Get rid of all government programs, REALLY?
In the case of FHA (Federal Housing Administration) and HUD (Department of Housing and Urban Development) You may be throwing the baby out with the bath water. Congress created the Federal Housing Administration (FHA) in 1934. The FHA became a part of the Department of Housing and Urban Development’s (HUD) Office of Housing in 1965.
When the FHA was created, the housing industry was flat on its back:
- Two million construction workers had lost their jobs.
- Terms were difficult to meet for home buyers seeking mortgages.
- Mortgage loan terms were limited to 50 percent of the property’s market value, with a repayment schedule spread over three to five years and ending with a balloon payment.
The American Dream of home ownership was really just a dream. For most people it simply was not part of any reality they faced. Can you imagine needing 50% down and then only having a 3-5 year period to payoff the loan or arrange other financing. It’s no wonder that only 4 out of 10 household were living in property they owned. By comparison home ownership statistics for 2018 (US Census Bureau) show 64.4% of homes are owned by the person residing there. Those numbers are down only slightly from the peak in 2004 (69.4%) but consistent with the 50 year average. So through programs like FHA, DVA (veterans) and secondary mortgage markets like Fannie Mae and Freddie Mac home ownership is available to a much broader segment of the population.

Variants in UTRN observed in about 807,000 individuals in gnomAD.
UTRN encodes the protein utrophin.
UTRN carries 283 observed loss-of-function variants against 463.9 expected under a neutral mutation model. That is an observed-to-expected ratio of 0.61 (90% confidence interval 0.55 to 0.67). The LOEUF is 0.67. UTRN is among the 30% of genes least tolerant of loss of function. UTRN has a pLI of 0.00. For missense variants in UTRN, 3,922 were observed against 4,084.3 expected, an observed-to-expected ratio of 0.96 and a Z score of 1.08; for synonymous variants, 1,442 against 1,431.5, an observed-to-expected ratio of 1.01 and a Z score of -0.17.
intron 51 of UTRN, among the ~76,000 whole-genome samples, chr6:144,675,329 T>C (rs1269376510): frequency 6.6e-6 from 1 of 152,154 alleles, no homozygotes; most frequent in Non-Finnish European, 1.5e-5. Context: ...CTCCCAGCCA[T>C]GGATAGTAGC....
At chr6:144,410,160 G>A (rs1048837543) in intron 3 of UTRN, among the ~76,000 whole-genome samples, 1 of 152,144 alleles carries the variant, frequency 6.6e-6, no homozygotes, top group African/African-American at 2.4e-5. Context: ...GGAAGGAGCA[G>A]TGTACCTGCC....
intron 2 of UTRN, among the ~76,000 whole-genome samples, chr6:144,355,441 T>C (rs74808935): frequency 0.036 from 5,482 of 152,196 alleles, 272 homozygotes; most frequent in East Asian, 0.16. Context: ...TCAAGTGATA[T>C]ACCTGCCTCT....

Most of the government programs do not actually loan money to buy homes. Instead, they provide insurance against possible mortgage default by the home owner. This reduces the risk to financial institutions who borrow the money. The homeowner pays MIP (Mortgage Insurance Premium) each month with their regular payment as well as a 1.75% upfront fee to secure the insurance.
This insurance does not insure the entire mortgage amount and the companies that borrow still carry some of the risk.
There are a number of different loan programs that are available to homeowners. Working with a competent and experienced mortgage professional is critical. You need to have someone who works for your best interest and has access and knowledge of the various programs in order to get the product that is best for you. You should be aware that all mortgages are not available through all mortgage providers. Your real estate professional should have a basic understanding of programs and be able to recommend a couple of options.
There are also programs for people who want or need to refinance (new mortgage on an existing home). If you think your current rate is too high you should check out what is currently available.
Home ownership is now available to most people. With a little planning, research, and guidance you can have the American Dream.